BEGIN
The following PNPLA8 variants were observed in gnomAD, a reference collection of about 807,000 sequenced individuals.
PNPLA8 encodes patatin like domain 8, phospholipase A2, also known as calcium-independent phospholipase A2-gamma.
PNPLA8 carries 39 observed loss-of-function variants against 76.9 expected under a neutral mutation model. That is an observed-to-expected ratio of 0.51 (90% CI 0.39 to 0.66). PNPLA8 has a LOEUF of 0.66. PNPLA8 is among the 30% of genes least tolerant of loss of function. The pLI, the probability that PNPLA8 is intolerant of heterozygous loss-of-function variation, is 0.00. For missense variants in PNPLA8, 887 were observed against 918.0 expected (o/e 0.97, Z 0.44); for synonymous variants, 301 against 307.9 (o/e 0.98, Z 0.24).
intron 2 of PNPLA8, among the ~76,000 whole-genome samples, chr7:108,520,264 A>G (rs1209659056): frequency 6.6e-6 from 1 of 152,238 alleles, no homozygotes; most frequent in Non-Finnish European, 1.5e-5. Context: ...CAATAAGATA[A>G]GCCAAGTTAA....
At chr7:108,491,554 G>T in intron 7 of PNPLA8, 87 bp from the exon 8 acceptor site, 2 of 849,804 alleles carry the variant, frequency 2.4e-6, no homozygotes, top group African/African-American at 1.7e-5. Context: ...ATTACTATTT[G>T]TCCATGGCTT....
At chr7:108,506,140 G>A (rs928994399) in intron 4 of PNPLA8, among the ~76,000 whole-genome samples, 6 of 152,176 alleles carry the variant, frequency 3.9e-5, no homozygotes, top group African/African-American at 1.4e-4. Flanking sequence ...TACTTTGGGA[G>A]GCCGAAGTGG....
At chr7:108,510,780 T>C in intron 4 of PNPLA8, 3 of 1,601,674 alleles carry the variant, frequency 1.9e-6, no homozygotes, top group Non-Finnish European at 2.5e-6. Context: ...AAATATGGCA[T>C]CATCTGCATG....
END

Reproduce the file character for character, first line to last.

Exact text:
The following PNPLA8 variants were observed in gnomAD, a reference collection of about 807,000 sequenced individuals.
PNPLA8 encodes patatin like domain 8, phospholipase A2, also known as calcium-independent phospholipase A2-gamma.
PNPLA8 carries 39 observed loss-of-function variants against 76.9 expected under a neutral mutation model. That is an observed-to-expected ratio of 0.51 (90% CI 0.39 to 0.66). PNPLA8 has a LOEUF of 0.66. PNPLA8 is among the 30% of genes least tolerant of loss of function. The pLI, the probability that PNPLA8 is intolerant of heterozygous loss-of-function variation, is 0.00. For missense variants in PNPLA8, 887 were observed against 918.0 expected (o/e 0.97, Z 0.44); for synonymous variants, 301 against 307.9 (o/e 0.98, Z 0.24).
intron 2 of PNPLA8, among the ~76,000 whole-genome samples, chr7:108,520,264 A>G (rs1209659056): frequency 6.6e-6 from 1 of 152,238 alleles, no homozygotes; most frequent in Non-Finnish European, 1.5e-5. Context: ...CAATAAGATA[A>G]GCCAAGTTAA....
At chr7:108,491,554 G>T in intron 7 of PNPLA8, 87 bp from the exon 8 acceptor site, 2 of 849,804 alleles carry the variant, frequency 2.4e-6, no homozygotes, top group African/African-American at 1.7e-5. Context: ...ATTACTATTT[G>T]TCCATGGCTT....
At chr7:108,506,140 G>A (rs928994399) in intron 4 of PNPLA8, among the ~76,000 whole-genome samples, 6 of 152,176 alleles carry the variant, frequency 3.9e-5, no homozygotes, top group African/African-American at 1.4e-4. Flanking sequence ...TACTTTGGGA[G>A]GCCGAAGTGG....
At chr7:108,510,780 T>C in intron 4 of PNPLA8, 3 of 1,601,674 alleles carry the variant, frequency 1.9e-6, no homozygotes, top group Non-Finnish European at 2.5e-6. Context: ...AAATATGGCA[T>C]CATCTGCATG....